Chris Bucolo, Director, Market Strategy, for ControlScan
There is plenty of evidence that the payment facilitator market will grow significantly over the next few years. There are multiple drivers for this growth, including the belief that the increased complexity of compliance/security requirements for merchants will generate more interest in this payments model.
Also, card brands like MasterCard expect card acceptance activity to grow rapidly through new verticals, including those involving micro-merchants, which lends itself well to the payment facilitator model.
Although there is general agreement that the growth potential is large, there is a divergent set of opinions on how risky the model is, and how risk needs to be approached. My informal research and survey of people in the industry underscored this point:
- From a card brand perspective, there is no requirement to report on the PCI validation status of submerchants.
- Some ISOs/acquirers stop there and rely exclusively on the payment facilitator from a risk perspective. Submerchants are required to sign a type of merchant agreement that indicates that they will maintain PCI compliance, although there is little evidence of any sort of enforcement. Many people are surprised to learn that even the early disruptors like Square have the requirement to maintain PCI compliance in their merchant agreements.
- Many people have also expressed that they are very worried about the risks represented by merchants and third party service providers in the payment facilitator model.
Is this due just to fear of the unknown? Not in my view. Experienced risk management people are very aware that new entrants into this space are really technology/software companies who are in the early stages of learning about payments, and may not yet have a clear understanding about the extent of the risk.
One recent event highlights the underlying risk in the payment facilitator model:
In the article, Unregistered Third Party Regpack’s Exposure of 324,000 Transactions Proves A Cautionary Tale For PFs, the author underscored the need to understand and manage risks within the payment facilitator model: “… if any sub-merchant or service providers could conceivably get access to card data, the PF must ensure they are certified and registered.”
Many risk management people agree that merchants and service providers need to be compliant, but it is a big and difficult task to manage. For example, there is the challenge of identifying submerchants that have increased processing volume and must be shifted to “regular” merchant status. Some players are getting submerchants to sign standard merchant agreements upfront, to make sure the necessary provisions are in place if and when they exceed the volume thresholds.
So let’s look at the two main pieces separately:
The Service Provider Side:
Every day we see evidence that processors and acquirers are informing aggregators they must now register as payment facilitators in order to continue processing. Beyond that, all payment facilitators are being told that they must become PCI Level 1 compliant via a QSA assessment.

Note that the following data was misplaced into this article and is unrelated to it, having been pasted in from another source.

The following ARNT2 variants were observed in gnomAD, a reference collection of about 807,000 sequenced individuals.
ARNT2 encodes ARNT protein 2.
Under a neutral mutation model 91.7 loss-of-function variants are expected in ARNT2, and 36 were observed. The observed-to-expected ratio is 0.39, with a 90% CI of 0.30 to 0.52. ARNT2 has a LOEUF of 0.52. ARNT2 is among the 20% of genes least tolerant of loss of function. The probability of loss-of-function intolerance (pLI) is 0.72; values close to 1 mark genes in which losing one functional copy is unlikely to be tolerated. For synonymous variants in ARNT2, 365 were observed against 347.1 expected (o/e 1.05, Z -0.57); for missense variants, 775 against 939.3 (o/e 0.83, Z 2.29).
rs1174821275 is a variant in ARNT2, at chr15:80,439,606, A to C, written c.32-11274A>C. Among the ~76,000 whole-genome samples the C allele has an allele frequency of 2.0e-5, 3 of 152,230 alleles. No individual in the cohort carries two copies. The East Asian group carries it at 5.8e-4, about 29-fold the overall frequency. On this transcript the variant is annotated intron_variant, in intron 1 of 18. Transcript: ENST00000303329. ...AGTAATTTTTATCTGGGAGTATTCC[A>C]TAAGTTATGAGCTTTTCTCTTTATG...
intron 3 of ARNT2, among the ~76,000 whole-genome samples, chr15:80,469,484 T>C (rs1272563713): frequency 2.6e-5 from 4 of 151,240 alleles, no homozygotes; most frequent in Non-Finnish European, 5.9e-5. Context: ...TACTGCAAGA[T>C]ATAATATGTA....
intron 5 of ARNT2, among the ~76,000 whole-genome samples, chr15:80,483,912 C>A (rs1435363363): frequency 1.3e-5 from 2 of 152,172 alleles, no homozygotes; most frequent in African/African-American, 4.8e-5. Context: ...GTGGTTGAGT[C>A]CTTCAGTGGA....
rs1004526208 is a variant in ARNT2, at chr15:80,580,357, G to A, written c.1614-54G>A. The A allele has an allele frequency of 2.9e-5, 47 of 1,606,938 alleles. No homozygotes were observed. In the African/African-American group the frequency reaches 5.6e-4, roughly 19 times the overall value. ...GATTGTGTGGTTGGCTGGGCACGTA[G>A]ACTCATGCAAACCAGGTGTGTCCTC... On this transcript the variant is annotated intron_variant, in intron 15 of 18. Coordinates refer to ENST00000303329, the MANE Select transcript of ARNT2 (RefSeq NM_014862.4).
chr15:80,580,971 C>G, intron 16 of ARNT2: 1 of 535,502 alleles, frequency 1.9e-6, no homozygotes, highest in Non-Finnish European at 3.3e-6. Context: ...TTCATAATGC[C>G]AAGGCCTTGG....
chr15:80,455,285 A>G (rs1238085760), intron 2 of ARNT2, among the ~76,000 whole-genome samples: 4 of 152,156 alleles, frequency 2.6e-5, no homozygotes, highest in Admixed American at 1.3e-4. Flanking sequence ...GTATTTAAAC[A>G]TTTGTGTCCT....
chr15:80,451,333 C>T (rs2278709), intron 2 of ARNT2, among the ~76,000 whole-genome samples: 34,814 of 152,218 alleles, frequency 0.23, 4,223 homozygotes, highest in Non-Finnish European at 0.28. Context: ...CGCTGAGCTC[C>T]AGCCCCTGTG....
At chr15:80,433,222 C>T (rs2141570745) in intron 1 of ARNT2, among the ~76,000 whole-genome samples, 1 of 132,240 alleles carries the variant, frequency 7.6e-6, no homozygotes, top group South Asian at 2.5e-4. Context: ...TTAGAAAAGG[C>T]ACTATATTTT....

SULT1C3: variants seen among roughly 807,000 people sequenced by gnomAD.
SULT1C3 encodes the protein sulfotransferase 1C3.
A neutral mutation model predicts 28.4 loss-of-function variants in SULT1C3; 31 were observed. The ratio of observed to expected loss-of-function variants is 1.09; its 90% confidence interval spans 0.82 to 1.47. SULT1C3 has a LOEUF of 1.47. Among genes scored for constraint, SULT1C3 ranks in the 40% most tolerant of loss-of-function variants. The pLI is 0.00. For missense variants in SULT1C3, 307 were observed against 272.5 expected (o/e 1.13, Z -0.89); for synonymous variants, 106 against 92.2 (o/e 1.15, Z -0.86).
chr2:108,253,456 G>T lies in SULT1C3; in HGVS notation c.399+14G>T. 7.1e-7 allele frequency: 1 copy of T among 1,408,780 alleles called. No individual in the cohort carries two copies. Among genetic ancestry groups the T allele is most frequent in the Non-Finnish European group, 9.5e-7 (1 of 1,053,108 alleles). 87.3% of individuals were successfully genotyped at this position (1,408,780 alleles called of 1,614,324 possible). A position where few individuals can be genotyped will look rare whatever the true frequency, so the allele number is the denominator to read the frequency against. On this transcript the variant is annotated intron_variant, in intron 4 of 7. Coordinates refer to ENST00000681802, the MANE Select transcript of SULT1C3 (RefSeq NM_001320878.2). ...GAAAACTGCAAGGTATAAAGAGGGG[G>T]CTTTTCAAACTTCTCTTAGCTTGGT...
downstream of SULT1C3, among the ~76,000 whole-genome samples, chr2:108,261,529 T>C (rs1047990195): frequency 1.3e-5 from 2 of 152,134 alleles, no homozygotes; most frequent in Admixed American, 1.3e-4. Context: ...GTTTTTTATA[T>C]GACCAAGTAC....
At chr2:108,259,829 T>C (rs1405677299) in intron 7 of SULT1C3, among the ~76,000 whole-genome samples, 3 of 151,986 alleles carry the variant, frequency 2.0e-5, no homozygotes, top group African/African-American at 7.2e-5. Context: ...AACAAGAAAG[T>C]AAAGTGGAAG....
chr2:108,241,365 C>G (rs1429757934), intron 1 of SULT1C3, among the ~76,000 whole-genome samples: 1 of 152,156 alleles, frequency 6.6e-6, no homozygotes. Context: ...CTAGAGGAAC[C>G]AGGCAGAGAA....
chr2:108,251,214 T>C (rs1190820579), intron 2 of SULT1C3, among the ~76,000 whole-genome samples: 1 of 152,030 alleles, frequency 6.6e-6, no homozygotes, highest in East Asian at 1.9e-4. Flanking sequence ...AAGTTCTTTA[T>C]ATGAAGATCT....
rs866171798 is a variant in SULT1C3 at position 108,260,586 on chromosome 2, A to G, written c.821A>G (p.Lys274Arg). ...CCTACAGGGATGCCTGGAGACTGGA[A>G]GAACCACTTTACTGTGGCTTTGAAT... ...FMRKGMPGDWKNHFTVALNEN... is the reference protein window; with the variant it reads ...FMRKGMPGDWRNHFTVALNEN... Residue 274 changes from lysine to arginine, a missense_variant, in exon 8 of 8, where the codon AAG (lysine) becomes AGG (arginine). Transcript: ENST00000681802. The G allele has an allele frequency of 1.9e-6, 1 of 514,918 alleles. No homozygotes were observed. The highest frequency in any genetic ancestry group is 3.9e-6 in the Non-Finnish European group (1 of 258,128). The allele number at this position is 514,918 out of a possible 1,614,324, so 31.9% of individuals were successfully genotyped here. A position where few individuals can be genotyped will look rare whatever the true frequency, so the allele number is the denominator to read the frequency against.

Payment facilitators must also be diligent in their vetting of other third parties involved in the ecosystem. This is an important issue because, even if the third party is not directly processing or storing cardholder data, they may have remote access into the environment, and can impact the security of that data.
The Submerchant Side:
Many processors and payment facilitators like the idea of submerchants going through PCI compliance as a standard practice. However, they have concerns about the process being too complex or time-consuming. Considering all the challenges we have all seen with level 4 merchants becoming compliant, this is a legitimate concern.
Payment facilitators tend to look for a submerchant PCI compliance process that makes SAQ selection as mistake-proof as possible, and involves a streamlined SAQ process and lots of patient support when needed.
There is also the likelihood that ISOs/acquirers will want separate reporting of payment facilitator activity. This would certainly allow them to segregate their portfolios and take different, targeted approaches to encouraging and enforcing compliance if they so choose.
Final thoughts to take away: After many years in payments and the last 10 years in PCI compliance and security, I have learned that what we do not know and cannot see is often what ends up hurting us.
- Many U.S. breaches today involve third-party service providers with remote access into merchant environments. These companies are often not even on your radar screen.
- The human factor is becoming a bigger issue in breaches. People and their behavior can be unpredictable, and tricking people into giving up credentials is commonplace.
- As EMV becomes pervasive in the U.S., there is debate and curiosity about what the next big breach trend will be. Where there is confusion about who is accountable for which security aspects, there is increased likelihood for vulnerability.
The bottom line is that a prudent risk strategy involves holding all parties responsible for compliance and security: payment facilitators, their submerchants, and any service providers. On both the submerchant and service provider sides, you need to strike a balance between the important security protections and making security understandable and affordable.